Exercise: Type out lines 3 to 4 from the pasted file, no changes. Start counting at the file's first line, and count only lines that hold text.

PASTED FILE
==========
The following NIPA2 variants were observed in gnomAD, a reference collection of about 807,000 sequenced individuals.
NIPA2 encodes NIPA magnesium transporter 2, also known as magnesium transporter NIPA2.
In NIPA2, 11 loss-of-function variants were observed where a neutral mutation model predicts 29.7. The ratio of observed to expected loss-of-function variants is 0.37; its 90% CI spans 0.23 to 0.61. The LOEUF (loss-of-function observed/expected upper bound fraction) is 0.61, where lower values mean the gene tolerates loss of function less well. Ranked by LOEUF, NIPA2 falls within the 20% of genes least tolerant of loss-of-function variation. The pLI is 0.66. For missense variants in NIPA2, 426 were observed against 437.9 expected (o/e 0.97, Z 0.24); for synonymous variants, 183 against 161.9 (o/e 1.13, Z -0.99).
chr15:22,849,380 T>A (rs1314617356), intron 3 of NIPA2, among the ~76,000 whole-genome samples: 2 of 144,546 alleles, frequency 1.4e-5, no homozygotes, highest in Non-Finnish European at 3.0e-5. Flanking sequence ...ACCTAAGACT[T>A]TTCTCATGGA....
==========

In NIPA2, 11 loss-of-function variants were observed where a neutral mutation model predicts 29.7. The ratio of observed to expected loss-of-function variants is 0.37; its 90% CI spans 0.23 to 0.61. The LOEUF (loss-of-function observed/expected upper bound fraction) is 0.61, where lower values mean the gene tolerates loss of function less well. Ranked by LOEUF, NIPA2 falls within the 20% of genes least tolerant of loss-of-function variation. The pLI is 0.66. For missense variants in NIPA2, 426 were observed against 437.9 expected (o/e 0.97, Z 0.24); for synonymous variants, 183 against 161.9 (o/e 1.13, Z -0.99).
chr15:22,849,380 T>A (rs1314617356), intron 3 of NIPA2, among the ~76,000 whole-genome samples: 2 of 144,546 alleles, frequency 1.4e-5, no homozygotes, highest in Non-Finnish European at 3.0e-5. Flanking sequence ...ACCTAAGACT[T>A]TTCTCATGGA....